During 19th Annual Tamaqua Heritage Festival in the Tamaqua, PA, National Historic District, Oct. 12, 2003. This highwheel model is a Victory, the 14th bike produced by Victory Bikes of Orlando, FL. Photo by Sue Dolan
The Highwheel was once called an Ordinary. Today it's anything but!
The award-winning Victorian Highwheelers welcome you to the world of riding high - the way personal transportation began! The Victorian Highwheel was the first machine to allow man the ability to travel far distance (on land) under his own power. But it has other claims to fame, including the fact that it's generally regarded as the world's first bicycle. It was developed in 1871 by James Starley and others in Coventry, England, and was king of the road during the 1880s. It opened the door to personal transportation because it allowed man to travel great distances without a horse. By the way, these antique bicycles are known by a few different names aside from 'Ordinary,' including the Penny Farthing, the Penny Wheel and, of course, the Highwheel bicycle. Name variations include a hyphenated High-wheel and two separate words, High wheel. Back in the Victorian era, riders simply called it their Wheel, as in: "I think I'll go out on my Wheel after supper." Some folks refer to it as an 'Amish bike' because the Highwheel was popular with PA Germans.
Riding a Highwheel provides a sense of exhilaration. The rider sits high above the road in a way that provides a new look at the world. There are some distinct challenges in learning to ride. To begin, one must push the bike to get it moving and then leap up into the saddle using the benefit of a very small steel step that protrudes from the lower part of the bike's spine. The rider straddles the giant wheel and is seated very close to the center of balance. A bit tricky, but lots of fun.
There are original Highwheels and repro Highwheels. But not too many of each.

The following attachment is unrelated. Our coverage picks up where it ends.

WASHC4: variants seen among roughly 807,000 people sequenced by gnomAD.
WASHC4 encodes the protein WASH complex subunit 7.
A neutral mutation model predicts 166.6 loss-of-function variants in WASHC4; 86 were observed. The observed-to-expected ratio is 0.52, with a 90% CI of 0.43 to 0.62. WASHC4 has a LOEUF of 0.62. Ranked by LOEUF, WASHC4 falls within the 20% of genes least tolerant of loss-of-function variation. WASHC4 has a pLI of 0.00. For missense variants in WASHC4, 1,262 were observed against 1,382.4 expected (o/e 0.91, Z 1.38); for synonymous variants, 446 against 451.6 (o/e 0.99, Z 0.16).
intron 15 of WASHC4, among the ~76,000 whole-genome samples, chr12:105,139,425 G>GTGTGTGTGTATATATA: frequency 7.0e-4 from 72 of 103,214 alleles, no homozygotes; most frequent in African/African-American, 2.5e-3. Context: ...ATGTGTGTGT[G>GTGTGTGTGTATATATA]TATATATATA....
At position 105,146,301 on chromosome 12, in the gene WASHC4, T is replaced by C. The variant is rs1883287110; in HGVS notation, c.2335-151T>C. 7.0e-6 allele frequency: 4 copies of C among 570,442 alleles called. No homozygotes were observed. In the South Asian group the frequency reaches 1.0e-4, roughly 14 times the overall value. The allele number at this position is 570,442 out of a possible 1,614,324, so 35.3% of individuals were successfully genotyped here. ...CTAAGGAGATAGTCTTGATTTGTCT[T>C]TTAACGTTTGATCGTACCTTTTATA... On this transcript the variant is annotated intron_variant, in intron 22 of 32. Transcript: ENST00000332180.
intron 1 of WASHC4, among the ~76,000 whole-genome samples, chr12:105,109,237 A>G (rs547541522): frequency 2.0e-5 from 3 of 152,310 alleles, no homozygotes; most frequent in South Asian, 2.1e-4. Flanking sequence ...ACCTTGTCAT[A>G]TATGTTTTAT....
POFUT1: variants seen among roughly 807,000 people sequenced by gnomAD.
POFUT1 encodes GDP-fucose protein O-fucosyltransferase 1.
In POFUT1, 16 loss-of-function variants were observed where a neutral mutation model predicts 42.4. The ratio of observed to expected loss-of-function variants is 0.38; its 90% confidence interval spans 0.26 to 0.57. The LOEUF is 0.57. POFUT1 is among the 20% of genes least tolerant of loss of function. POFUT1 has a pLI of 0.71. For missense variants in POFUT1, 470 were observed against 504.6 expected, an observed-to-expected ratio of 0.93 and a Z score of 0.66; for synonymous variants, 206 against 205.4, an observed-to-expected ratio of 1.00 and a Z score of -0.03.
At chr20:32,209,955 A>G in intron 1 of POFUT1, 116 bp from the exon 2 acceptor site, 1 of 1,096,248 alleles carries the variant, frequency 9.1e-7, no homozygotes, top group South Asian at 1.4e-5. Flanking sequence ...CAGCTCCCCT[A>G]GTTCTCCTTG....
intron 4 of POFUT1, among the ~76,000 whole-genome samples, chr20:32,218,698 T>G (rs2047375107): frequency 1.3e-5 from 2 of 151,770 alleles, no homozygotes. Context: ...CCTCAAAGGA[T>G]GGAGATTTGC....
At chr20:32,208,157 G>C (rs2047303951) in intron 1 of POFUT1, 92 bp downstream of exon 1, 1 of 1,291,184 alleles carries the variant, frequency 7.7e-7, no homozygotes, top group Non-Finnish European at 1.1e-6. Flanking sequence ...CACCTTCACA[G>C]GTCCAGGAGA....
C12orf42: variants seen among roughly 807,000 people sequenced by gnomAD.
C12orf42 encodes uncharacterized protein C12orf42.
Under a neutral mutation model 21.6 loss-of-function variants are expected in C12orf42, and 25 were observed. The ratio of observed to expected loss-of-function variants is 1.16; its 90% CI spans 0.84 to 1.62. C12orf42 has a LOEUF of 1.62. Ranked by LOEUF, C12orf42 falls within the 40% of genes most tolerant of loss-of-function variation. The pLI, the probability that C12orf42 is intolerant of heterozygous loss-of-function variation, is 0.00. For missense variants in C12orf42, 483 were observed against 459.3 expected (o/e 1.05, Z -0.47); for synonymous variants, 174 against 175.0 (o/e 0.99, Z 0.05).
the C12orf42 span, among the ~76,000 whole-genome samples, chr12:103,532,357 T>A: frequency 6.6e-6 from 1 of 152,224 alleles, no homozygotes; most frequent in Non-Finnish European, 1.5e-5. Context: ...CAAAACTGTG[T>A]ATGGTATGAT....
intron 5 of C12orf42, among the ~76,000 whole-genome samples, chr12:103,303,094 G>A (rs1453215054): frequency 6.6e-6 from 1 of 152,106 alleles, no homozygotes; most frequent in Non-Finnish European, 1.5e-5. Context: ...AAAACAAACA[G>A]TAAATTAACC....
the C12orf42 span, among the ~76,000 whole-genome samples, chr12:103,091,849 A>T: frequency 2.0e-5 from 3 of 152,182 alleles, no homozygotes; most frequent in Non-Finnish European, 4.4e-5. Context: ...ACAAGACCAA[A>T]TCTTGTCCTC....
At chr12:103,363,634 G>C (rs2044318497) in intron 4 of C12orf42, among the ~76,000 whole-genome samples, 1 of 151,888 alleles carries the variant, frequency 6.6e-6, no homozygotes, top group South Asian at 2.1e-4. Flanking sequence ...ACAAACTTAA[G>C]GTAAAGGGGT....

Yes, it's possible to purchase a high quality repro Highwheel. There are a few builders, not many. Some of these craftsmen manufacture bikes that closely follow the configuration of the originals. The red Highwheel shown above happens to be a repro, a 50" Victory bike hand-built to the original specs of a bike with a very similar name, an 1880s Victor. Keep in mind that production of these bikes is a labor-intensive procedure. Normally, I ride a 51" original - a restored 1888 Columbia Light Roadster. Regarding size: a bike must be fitted to the rider; that is, according to the length of one's leg. It's important to have the correct size wheel to match one's leg length, more specifically the reach of your foot (not necessarily your inseam measurement). A rider must be able to comfortably reach the pedals.
The Victorian Highwheelers
While Highwheels were plentiful in their day, they were abandoned about 1890 due to safety concerns. Many riders were injured and even killed by doing a 'header.' What's a header? Well, it's when you flip forward. It can happen, for instance, when a rider lets the wheel hit something it can't roll over. In cases like that, the bike will suddenly flip forward, sending the rider head-first into the ground. That's why Highwheels disappeared in favor of newer Safety bikes. Later, many original Highwheels were melted down during scrap drives for WWI and even WWII.
Today, some experts say that an estimated 5,000 or more original Highwheels remain out of hundreds of thousands made. That's not too many! Some of those hang in museums or are part of private collections. For that reason, it is rare to see a Highwheel being ridden on the streets, along with the fact that learning to ride can be challenging and even dangerous.